Skip to main content

The prediction of hospital length of stay using unstructured data

Abstract

Objective

This study aimed to assess the performance improvement for machine learning-based hospital length of stay (LOS) predictions when clinical signs written in text are accounted for and compared to the traditional approach of solely considering structured information such as age, gender and major ICD diagnosis.

Methods

This study was an observational retrospective cohort study and analyzed patient stays admitted between 1 January to 24 September 2019. For each stay, a patient was admitted through the Emergency Department (ED) and stayed for more than two days in the subsequent service. LOS was predicted using two random forest models. The first included unstructured text extracted from electronic health records (EHRs). A word-embedding algorithm based on UMLS terminology with exact matching restricted to patient-centric affirmation sentences was used to assess the EHR data. The second model was primarily based on structured data in the form of diagnoses coded from the International Classification of Disease 10th Edition (ICD-10) and triage codes (CCMU/GEMSA classifications). Variables common to both models were: age, gender, zip/postal code, LOS in the ED, recent visit flag, assigned patient ward after the ED stay and short-term ED activity. Models were trained on 80% of data and performance was evaluated by accuracy on the remaining 20% test data.

Results

The model using unstructured data had a 75.0% accuracy compared to 74.1% for the model containing structured data. The two models produced a similar prediction in 86.6% of cases. In a secondary analysis restricted to intensive care patients, the accuracy of both models was also similar (76.3% vs 75.0%).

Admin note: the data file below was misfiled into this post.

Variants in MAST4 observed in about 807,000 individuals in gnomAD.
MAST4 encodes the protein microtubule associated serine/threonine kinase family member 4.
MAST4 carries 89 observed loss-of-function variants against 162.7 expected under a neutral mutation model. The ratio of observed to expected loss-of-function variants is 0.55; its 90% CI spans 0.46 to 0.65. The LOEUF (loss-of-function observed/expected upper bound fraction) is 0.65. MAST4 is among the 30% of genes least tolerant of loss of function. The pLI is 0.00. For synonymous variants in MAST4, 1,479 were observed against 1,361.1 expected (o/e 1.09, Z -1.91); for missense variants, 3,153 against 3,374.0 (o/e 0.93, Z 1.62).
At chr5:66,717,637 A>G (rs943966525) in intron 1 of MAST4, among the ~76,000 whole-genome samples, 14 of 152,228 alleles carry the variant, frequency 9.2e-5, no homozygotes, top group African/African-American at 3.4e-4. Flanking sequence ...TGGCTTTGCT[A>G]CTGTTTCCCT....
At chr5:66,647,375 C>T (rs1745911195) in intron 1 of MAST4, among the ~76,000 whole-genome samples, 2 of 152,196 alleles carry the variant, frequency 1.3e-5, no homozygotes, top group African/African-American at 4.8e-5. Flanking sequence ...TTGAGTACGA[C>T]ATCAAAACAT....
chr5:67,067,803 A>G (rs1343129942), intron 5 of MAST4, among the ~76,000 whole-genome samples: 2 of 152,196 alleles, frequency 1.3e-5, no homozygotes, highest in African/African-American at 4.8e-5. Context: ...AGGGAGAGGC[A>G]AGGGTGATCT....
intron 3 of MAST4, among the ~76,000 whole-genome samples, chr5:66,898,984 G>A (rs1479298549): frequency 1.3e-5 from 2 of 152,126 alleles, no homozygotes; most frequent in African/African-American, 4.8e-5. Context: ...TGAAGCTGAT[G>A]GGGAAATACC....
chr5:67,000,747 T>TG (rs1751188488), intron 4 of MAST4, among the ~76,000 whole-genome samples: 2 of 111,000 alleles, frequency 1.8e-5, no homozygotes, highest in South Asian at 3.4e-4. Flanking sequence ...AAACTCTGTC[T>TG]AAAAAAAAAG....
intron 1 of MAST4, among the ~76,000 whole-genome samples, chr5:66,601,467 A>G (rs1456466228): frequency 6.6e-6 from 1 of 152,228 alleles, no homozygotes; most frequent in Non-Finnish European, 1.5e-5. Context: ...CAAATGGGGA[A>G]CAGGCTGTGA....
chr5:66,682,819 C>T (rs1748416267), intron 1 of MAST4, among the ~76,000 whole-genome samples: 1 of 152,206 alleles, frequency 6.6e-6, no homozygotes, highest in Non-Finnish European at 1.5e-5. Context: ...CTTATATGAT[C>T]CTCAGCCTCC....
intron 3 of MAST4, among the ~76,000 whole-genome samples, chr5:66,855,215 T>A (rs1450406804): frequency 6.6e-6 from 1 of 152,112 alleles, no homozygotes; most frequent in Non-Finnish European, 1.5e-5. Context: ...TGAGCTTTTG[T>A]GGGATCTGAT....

Conclusions

LOS prediction using unstructured data had similar accuracy to using structured data and can be considered of use to accurately model LOS.

Peer Review reports

Introduction

Length of stay (LOS) is a critical indicator for hospital management and has direct consequences on hospital costs and patient satisfaction. Moreover, LOS is correlated with disease severity and mortality [1]. When a patient is in the emergency department (ED), some predictors of hospital LOS are known before hospital admission. Studies have found patients at an ED are associated with a longer LOS [2,3,4,5] and patients who develop further complications in intensive care units (ICU) have a longer LOS beforehand at the ED [6]. For stroke patients, however, there is a significant inverse linear association between LOS at the ED and hospital LOS [7]. ED crowding and hospital occupancy at entry are predicted to have longer LOS [5, 8], however, there are other hospital characteristics that play a role in determining it [9, 10].